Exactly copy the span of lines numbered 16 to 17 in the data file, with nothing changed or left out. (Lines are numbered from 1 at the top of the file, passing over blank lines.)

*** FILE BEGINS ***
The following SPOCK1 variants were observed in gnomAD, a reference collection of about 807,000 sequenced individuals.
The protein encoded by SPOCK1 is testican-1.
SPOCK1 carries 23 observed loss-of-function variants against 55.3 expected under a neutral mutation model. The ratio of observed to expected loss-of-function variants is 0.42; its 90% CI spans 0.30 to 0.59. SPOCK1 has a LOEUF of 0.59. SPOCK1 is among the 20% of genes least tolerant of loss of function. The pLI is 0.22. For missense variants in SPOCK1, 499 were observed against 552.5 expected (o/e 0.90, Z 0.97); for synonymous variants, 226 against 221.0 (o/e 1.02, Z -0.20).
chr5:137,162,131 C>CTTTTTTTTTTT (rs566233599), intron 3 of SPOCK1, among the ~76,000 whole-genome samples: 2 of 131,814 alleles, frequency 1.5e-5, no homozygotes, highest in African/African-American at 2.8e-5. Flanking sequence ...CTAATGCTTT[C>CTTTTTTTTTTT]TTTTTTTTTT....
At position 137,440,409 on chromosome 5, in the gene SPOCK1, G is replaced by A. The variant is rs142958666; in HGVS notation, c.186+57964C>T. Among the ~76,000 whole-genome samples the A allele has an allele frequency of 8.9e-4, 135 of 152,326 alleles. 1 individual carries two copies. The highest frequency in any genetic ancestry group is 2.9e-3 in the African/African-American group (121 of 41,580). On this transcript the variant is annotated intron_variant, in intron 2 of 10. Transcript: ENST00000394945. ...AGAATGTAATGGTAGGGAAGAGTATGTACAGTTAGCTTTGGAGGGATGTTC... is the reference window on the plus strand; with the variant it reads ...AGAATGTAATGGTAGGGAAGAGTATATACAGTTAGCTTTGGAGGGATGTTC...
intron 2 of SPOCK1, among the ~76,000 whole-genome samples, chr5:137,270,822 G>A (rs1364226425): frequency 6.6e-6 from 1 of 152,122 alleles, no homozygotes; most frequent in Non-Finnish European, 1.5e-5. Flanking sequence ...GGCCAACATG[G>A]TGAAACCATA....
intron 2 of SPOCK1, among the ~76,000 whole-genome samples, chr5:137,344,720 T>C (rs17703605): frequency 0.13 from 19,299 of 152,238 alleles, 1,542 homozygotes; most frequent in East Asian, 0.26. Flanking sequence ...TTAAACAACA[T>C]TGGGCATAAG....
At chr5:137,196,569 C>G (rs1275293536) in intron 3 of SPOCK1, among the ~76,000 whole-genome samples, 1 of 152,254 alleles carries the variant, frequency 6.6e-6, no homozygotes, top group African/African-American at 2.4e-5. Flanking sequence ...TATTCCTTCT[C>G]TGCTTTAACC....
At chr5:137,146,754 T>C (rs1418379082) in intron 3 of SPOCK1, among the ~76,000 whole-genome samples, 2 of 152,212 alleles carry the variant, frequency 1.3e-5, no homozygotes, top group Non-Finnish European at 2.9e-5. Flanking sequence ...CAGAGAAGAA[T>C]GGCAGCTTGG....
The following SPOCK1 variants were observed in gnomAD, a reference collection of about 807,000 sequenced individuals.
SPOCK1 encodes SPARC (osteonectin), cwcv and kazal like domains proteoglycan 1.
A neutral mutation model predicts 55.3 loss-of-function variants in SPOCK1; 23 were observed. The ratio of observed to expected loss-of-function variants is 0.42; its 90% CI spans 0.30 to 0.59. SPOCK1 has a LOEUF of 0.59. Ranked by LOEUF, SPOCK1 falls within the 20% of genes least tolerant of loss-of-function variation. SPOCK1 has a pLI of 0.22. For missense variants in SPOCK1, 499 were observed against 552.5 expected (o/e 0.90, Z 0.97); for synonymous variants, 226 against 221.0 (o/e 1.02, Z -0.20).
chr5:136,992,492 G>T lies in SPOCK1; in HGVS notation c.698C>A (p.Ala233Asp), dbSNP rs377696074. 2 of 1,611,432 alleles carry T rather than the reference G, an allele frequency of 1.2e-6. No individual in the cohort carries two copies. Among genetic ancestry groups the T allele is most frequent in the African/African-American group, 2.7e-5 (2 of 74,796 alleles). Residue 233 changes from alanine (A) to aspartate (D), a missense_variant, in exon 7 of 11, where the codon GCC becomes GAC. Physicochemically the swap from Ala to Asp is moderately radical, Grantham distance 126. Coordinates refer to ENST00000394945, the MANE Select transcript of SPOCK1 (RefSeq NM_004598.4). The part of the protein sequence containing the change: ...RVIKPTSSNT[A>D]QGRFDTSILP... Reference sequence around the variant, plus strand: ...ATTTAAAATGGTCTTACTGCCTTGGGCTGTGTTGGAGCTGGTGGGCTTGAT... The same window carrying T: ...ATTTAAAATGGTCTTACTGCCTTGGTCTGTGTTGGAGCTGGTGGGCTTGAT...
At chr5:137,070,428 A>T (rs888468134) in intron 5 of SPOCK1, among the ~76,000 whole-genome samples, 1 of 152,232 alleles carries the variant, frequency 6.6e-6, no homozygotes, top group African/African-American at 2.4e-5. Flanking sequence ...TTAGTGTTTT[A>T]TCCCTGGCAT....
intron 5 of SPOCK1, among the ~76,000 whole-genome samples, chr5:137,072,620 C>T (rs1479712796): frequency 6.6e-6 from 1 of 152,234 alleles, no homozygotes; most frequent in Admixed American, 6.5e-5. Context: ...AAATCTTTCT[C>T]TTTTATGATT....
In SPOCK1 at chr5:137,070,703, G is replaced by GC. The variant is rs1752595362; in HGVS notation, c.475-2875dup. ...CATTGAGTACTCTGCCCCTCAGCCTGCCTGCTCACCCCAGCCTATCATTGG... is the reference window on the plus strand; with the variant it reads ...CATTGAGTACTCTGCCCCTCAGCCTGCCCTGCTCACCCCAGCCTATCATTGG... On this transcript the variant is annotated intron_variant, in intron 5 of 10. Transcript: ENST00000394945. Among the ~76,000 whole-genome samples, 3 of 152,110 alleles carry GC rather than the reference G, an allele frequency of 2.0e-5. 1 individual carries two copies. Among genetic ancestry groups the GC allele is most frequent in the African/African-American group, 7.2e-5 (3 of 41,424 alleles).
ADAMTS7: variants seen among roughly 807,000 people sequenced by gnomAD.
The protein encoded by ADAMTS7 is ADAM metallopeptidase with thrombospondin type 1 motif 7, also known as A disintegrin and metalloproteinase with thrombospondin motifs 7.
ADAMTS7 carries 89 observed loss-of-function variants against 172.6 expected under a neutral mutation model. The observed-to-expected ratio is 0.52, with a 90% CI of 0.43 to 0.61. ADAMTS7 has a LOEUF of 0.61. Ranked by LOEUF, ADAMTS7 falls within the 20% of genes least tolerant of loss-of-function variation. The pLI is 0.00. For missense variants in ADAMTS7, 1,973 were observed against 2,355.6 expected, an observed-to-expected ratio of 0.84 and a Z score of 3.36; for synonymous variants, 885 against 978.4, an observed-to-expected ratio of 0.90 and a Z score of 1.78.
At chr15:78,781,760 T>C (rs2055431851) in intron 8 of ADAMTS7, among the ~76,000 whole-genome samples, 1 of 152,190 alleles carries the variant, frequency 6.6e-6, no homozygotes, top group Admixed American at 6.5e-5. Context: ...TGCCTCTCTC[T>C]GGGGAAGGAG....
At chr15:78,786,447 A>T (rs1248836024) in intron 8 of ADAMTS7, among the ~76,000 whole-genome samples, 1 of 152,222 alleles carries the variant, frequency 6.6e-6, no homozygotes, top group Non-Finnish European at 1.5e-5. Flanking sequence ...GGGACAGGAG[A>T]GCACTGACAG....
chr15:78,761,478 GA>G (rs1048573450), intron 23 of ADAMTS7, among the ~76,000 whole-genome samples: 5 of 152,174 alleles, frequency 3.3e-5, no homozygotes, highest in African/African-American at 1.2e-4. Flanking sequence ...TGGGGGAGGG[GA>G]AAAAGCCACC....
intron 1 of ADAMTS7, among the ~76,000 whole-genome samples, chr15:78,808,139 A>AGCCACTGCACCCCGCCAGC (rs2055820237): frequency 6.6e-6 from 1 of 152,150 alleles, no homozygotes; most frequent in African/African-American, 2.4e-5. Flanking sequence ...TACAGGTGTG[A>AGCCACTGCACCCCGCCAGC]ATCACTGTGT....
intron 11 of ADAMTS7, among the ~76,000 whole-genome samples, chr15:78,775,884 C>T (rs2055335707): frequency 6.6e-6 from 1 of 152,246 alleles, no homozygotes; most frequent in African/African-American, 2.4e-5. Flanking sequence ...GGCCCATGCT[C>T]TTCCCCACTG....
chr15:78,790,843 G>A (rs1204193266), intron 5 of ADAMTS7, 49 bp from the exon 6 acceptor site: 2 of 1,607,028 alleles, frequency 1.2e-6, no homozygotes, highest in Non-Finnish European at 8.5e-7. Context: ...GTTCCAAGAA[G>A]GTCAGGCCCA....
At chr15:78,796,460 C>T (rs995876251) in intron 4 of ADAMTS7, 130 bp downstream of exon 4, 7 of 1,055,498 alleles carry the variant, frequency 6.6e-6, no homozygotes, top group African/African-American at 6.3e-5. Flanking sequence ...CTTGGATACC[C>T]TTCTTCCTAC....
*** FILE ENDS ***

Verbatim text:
In SPOCK1 at chr5:137,070,703, G is replaced by GC. The variant is rs1752595362; in HGVS notation, c.475-2875dup. ...CATTGAGTACTCTGCCCCTCAGCCTGCCTGCTCACCCCAGCCTATCATTGG... is the reference window on the plus strand; with the variant it reads ...CATTGAGTACTCTGCCCCTCAGCCTGCCCTGCTCACCCCAGCCTATCATTGG... On this transcript the variant is annotated intron_variant, in intron 5 of 10. Transcript: ENST00000394945. Among the ~76,000 whole-genome samples, 3 of 152,110 alleles carry GC rather than the reference G, an allele frequency of 2.0e-5. 1 individual carries two copies. Among genetic ancestry groups the GC allele is most frequent in the African/African-American group, 7.2e-5 (3 of 41,424 alleles).
ADAMTS7: variants seen among roughly 807,000 people sequenced by gnomAD.